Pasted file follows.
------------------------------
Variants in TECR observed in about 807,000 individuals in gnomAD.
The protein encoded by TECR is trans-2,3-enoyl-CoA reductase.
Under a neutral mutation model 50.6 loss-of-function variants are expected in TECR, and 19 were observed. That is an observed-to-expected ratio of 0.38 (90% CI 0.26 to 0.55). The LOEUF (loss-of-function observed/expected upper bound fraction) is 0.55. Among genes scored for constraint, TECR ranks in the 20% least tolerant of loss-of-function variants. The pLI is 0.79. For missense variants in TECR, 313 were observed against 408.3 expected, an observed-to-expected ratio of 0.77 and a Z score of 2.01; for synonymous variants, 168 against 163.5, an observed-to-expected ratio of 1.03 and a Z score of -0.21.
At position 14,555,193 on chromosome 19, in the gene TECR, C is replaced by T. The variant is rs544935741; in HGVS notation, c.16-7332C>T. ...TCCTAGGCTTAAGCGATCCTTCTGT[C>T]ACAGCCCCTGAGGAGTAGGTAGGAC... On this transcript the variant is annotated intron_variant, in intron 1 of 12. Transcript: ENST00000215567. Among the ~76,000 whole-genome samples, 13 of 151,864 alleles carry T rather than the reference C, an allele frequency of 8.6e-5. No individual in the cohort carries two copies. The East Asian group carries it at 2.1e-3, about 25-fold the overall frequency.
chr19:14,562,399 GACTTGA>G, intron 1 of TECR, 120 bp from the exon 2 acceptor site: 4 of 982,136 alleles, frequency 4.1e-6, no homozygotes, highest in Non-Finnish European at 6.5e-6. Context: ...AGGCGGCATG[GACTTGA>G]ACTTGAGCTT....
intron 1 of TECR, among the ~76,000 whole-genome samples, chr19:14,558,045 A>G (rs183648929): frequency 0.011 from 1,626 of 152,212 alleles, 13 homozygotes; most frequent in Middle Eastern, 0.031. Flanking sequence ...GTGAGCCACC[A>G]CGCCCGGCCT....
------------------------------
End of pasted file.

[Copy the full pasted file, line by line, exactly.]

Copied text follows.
Variants in TECR observed in about 807,000 individuals in gnomAD.
The protein encoded by TECR is trans-2,3-enoyl-CoA reductase.
Under a neutral mutation model 50.6 loss-of-function variants are expected in TECR, and 19 were observed. That is an observed-to-expected ratio of 0.38 (90% CI 0.26 to 0.55). The LOEUF (loss-of-function observed/expected upper bound fraction) is 0.55. Among genes scored for constraint, TECR ranks in the 20% least tolerant of loss-of-function variants. The pLI is 0.79. For missense variants in TECR, 313 were observed against 408.3 expected, an observed-to-expected ratio of 0.77 and a Z score of 2.01; for synonymous variants, 168 against 163.5, an observed-to-expected ratio of 1.03 and a Z score of -0.21.
At position 14,555,193 on chromosome 19, in the gene TECR, C is replaced by T. The variant is rs544935741; in HGVS notation, c.16-7332C>T. ...TCCTAGGCTTAAGCGATCCTTCTGT[C>T]ACAGCCCCTGAGGAGTAGGTAGGAC... On this transcript the variant is annotated intron_variant, in intron 1 of 12. Transcript: ENST00000215567. Among the ~76,000 whole-genome samples, 13 of 151,864 alleles carry T rather than the reference C, an allele frequency of 8.6e-5. No individual in the cohort carries two copies. The East Asian group carries it at 2.1e-3, about 25-fold the overall frequency.
chr19:14,562,399 GACTTGA>G, intron 1 of TECR, 120 bp from the exon 2 acceptor site: 4 of 982,136 alleles, frequency 4.1e-6, no homozygotes, highest in Non-Finnish European at 6.5e-6. Context: ...AGGCGGCATG[GACTTGA>G]ACTTGAGCTT....
intron 1 of TECR, among the ~76,000 whole-genome samples, chr19:14,558,045 A>G (rs183648929): frequency 0.011 from 1,626 of 152,212 alleles, 13 homozygotes; most frequent in Middle Eastern, 0.031. Flanking sequence ...GTGAGCCACC[A>G]CGCCCGGCCT....